Willmar says 'enough is enough' as 200 join March For Our Lives
WILLMAR -- Chants of "Enough is Enough" echoed on South First Street Saturday morning when about 200 people participated in the Willmar version of the March For Our Lives.
WILLMAR - Chants of "Enough is Enough" echoed on South First Street Saturday morning when about 200 people participated in the Willmar version of the March For Our Lives.
Willmar's march was one of more than 800 similar marches planned around the globe calling for an end to school violence and mass shootings in the United States. The march was organized by Willmar Senior High School students with involvement from DREAM Technical Academy and some logistical assistance from community organizations League of Women Voters and Isaiah.
The march was organized after a former student with a semiautomatic rifle killed 17 students and teachers at Marjory Stoneman Douglas High School in Parkland, Florida. Students from that school have fueled a national movement to end school violence.
Willmar Senior High students participated in a national student walkout on March 14, the one-month anniversary of the Florida killings. Many of the students worked on planning both the walkout and Saturday's march.
The crowd Saturday included a variety of people, more adults than teens. Some were teachers. Some young families with little ones in strollers joined the march, as well as retired people. Rep. Dave Baker, R-Willmar, was there, as was his opponent in November, Democrat Anita Flowe of Willmar.
Many people wore orange, the color adopted by the movement.
Students and teachers were the main speakers to the crowd gathered on Becker Avenue Southwest across from Bethel Lutheran Church in downtown Willmar. After hearing the speakers, the group walked over to First Street and used sidewalks to walk to Willmar Avenue and back.
Participants carried signs that said, "Enough is Enough," "Students Demand Action," and "Never Again." Some brought homemade signs, and pre-printed signs were available on a table.
Voter registration forms were on another table, along with orange postcards to be signed and sent to members of Congress.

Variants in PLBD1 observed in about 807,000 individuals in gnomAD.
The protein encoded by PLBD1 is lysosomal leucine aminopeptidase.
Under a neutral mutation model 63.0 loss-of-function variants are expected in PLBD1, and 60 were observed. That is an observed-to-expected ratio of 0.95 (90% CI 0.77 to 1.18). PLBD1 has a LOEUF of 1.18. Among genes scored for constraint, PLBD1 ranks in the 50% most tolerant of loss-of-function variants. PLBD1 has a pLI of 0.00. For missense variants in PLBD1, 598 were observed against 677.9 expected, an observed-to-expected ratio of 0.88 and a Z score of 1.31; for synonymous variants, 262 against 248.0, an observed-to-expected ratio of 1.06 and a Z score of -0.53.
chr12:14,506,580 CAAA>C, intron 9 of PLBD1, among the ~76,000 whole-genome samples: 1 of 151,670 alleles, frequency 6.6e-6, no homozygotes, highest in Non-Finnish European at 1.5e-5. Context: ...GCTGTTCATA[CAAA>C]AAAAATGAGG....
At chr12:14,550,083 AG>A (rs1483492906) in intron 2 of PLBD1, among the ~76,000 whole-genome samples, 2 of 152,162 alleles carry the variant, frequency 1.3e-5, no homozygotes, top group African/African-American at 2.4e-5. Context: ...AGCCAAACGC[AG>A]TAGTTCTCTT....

Among the speakers was high school student and organizer John Seerden, who said the effort was about more than proposing new gun laws.
"We need to start forming relationships and forming bonds as a way to end this isolated suffering that's happening to certain people who believe they aren't worthwhile enough to be able to be part of the community," he said. "I don't want to talk about the political issues; I want to talk about how we can come together and truly figure out how to solve this problem."
Jennifer Lindquist, a teacher in Willmar, spoke about recent proposals to arm teachers. Schools have many needs, she said. "We need books and science lab equipment, art supplies and technology."
Students need access to affordable mental health care, too, she said, but "one thing I know for sure, we do not need more guns."
She continued, "The truth is a teacher with a gun is no match for these military weapons."
Tim Woltjer of Willmar joined the marchers carrying a Gadsden flag - a coiled rattlesnake and the words "Don't Tread on Me" on a yellow field. The flag was an early flag used in the Revolutionary War. Its meaning has shifted over the years. In recent years it has been used by the Tea Party movement and Second Amendment advocates.
Woltjer said also joined a pro-immigration march in Willmar a year ago. He joined the group in the chant "Thoughts and prayers are not enough."
A woman who identified herself as a National Rifle Association member and gun owner asked why he was joining that chant. "Thoughts and prayers are not enough," he said. "I'm for gun rights. ... I don't know the solution; nobody knows the solution."
As with a year ago, Woltjer joined the march peacefully. "I'm that thorn in everyone's side," he said with a smile. "Everyone's nice; asking me questions. I generally enjoy conversations."
Some of the marchers came from a distance. Amy Wilde, of Dassel, a former Meeker County commissioner, called herself a supporter. "I have four grandchildren in public schools, so I came about school safety. I want my grandchildren to be safe in school."
Katie Lind came from Kandiyohi along with her two young children. "I'm here today to listen directly to the concerns of the students," she said. "I'm willing to listen to whatever ideas will provide protection for our kids."